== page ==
IBU’s

Most double IPAs will rate within 65-100 IBU’s, which is high, but not the highest available. The highest is generally 120 units, but some beers claim ratings into the 1000s. 

Imperial IPAs are heavy on bitter acids but not so harsh they will turn your mouth inside out. Remember, the IBU rating is based on measurable acids the beer contains. The bitter flavor is purely personal observation.  

Hops

It’s what makes the double IPA famous, but determining a “standard” for hops inclusion on a double is kind of like trying to define a standard of creativity. Generally, the hops used in a double IPA are grown on the west coast of the U.S., where the double IPA originated.

All doubles will have more hops than a standard IPA, if only to balance out the additional malt in the ale. They may also be added to tone down the ABV rating to fit inside the brewer’s desired range.

Flavor and Clarity

Doubles have a hazy appearance by nature. However, if hazy is your thing, you’ll want a hazy or “juicy” double, which we’ll describe later. 

Imperial IPAs encompass a wide range of flavors beyond the typical piney, citrus, and fruit flavors you’re used to with your standard IPA. Imperials share a thread of flavor DNA with sours in that they often produce flavors that aren’t necessarily palatable on their own. 

Sulfuric, onion-like, diesel-eseque, and “catty” are all adjectives used to describe the bitterness and hoppy flavors of double IPAs. Don’t worry; the heavy malt flavor adds balance and gives them a lively (yet drinkable) mouthfeel that keeps you coming back for the funky hop. 

What About DDH?

Do a quick search for a double IPA, and you’ll also see the term DDH, which stands for double dry hopped. Double dry hopping is a method of adding hops to the wort twice during the fermentation process.

Normally, hops will be added at the beginning of the fermentation while the yeast is still active. The yeast then reacts with the hops and gives the ale a hoppier flavor. After the yeast has settled, more hops are added to increase aroma and promote a thick, dizzying haze.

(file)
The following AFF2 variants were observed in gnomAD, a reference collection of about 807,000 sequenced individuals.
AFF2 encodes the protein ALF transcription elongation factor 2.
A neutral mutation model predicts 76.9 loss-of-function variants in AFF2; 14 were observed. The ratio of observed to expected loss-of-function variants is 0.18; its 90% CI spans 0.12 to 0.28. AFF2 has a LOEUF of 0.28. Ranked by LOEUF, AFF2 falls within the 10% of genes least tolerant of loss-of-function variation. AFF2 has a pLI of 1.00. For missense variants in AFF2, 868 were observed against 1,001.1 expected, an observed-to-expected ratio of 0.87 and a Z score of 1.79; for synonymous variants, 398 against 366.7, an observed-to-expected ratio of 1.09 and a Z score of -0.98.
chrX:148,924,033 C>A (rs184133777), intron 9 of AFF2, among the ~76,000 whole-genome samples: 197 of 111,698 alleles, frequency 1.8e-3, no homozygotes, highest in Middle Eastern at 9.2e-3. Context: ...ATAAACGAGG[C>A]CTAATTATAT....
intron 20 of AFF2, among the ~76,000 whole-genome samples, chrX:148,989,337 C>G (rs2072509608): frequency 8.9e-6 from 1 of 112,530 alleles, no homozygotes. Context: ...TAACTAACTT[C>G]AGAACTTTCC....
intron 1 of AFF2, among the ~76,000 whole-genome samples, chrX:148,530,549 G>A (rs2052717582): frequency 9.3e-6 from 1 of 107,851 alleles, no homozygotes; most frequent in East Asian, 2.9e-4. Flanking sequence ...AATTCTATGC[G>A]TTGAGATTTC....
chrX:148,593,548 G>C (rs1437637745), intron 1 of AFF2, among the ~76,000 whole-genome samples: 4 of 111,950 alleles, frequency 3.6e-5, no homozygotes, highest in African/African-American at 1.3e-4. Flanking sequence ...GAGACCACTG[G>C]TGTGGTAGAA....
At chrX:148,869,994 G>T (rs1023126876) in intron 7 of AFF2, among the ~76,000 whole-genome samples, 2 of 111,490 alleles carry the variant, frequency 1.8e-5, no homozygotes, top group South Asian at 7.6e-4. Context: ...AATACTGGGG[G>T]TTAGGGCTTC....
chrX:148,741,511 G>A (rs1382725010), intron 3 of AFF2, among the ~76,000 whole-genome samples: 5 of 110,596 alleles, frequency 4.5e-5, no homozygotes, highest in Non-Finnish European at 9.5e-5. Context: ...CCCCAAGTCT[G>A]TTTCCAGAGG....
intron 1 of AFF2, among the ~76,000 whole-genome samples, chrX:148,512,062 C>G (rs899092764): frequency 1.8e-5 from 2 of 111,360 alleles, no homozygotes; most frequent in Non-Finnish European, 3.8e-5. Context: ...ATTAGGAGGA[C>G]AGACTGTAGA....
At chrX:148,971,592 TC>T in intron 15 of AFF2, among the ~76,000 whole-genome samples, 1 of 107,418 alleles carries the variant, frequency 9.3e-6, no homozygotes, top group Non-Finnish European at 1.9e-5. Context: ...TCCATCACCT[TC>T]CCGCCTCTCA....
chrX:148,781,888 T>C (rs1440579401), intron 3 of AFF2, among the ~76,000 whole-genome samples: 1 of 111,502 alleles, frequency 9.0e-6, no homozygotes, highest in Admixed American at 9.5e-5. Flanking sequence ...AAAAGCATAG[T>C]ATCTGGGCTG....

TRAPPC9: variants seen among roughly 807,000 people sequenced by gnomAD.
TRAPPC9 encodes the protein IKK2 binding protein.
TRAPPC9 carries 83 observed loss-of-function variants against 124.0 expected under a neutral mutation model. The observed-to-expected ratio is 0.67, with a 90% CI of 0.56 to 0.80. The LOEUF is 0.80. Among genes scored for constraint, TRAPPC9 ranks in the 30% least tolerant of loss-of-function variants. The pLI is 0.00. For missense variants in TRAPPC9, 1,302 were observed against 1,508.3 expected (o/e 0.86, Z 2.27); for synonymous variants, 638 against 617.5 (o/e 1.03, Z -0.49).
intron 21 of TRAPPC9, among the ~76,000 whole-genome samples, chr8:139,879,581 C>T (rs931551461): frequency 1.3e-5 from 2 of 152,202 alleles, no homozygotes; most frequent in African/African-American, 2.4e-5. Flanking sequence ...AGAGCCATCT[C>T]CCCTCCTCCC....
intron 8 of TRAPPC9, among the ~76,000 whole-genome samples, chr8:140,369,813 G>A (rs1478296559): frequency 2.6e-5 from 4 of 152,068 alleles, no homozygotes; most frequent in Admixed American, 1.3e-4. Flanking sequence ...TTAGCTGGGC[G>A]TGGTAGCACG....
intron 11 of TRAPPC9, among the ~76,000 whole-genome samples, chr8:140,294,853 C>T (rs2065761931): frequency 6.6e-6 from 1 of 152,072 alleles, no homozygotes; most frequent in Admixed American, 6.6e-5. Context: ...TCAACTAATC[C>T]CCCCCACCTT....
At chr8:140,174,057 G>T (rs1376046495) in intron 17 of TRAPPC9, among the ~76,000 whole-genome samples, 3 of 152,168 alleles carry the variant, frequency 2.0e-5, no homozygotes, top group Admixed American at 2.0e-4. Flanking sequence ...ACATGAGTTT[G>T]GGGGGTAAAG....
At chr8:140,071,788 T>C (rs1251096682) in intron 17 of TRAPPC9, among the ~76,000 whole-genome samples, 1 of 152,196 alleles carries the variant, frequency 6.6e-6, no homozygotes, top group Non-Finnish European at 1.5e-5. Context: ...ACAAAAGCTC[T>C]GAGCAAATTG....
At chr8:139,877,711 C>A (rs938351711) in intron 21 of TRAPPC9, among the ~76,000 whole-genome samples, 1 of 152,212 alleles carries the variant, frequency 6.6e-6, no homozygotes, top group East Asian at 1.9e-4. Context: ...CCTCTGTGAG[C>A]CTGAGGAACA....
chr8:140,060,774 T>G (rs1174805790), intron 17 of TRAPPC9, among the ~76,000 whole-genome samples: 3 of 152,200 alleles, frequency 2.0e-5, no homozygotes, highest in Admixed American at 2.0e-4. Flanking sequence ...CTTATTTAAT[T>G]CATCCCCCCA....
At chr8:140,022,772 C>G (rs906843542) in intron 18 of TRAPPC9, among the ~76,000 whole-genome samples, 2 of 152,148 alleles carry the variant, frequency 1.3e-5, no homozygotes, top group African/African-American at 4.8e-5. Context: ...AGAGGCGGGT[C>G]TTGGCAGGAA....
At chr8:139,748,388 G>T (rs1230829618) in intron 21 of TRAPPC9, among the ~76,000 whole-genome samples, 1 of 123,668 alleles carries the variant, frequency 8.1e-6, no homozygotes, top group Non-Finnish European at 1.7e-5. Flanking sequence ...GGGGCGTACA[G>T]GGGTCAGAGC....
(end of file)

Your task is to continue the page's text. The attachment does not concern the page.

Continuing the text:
Double dry hopped ales aren’t all double IPAs, though many are. Try to keep focused: DDH (double dry hopped) and DDHDIPA (double dry hopped double IPA) are not the same things.

Styles of Imperial IPAs

There are two main styles of Imperial IPAs, and both are American-born and bred. 

  1. American Imperial IPA. These refer to the entire group of double IPAs available, including experimental styles from microbreweries. 

    We love Singlecut Beersmith’s Grunge!. This crispy IPA is double dry hopped with experimental hops straight out of the pacific northwest. You’ll get a mouthful of blueberry, orange, and vanilla with this 7.7% ABV double.

  2. Hazy or Juicy Imperial IPAs. These don’t actually have to contain juice (though they can). The juicy name refers to the perceived taste and range of flavors achieved from late dry hopping, and the inclusion of different ingredients in the grist (the blend of grains that starts off the brewing process) like oats.

    These are usually refreshing, medium-bodied, and drinkable, with a palatable haze. We love Sixpoint Brewery’s Spritzer Bomb Hazy IIPA. Born from the brains of two breweries, this ultra hazy double IPA has a fizzy, tongue-tingling finish reminiscent of sauvignon blanc wine spritzers. It’s a tongue-tantalizing grain/grape combo with 8% ABV and easy drinkability. 

Both types of imperial IPAs will give you what you crave: more hops, a tart mouthfeel, and a wide variety of malty flavors that pair perfectly with every season. 

Try a Double IPA for Yourself

With just a few simple clicks, you can try a double IPA from an obsessed microbrewer who might be thousands of miles away from you. Only TapRm makes that possible by connecting serious beer aficionados to the most creative and dedicated brewers. 

Your IPA? Make it a double, and make sure you order it from a brewer who has poured passion into the wort. Cheers to the haziest and heartiest imperial IPAs. 

 

Sources:

2021 Brewers Association Beer Style Guidelines | Brewers Association

What’s the Difference? Pale Ales, IPAs, & Double IPAs Beer Sessions | The Kitchn 

Everything You Need To Know About The Double IPA | Food Republic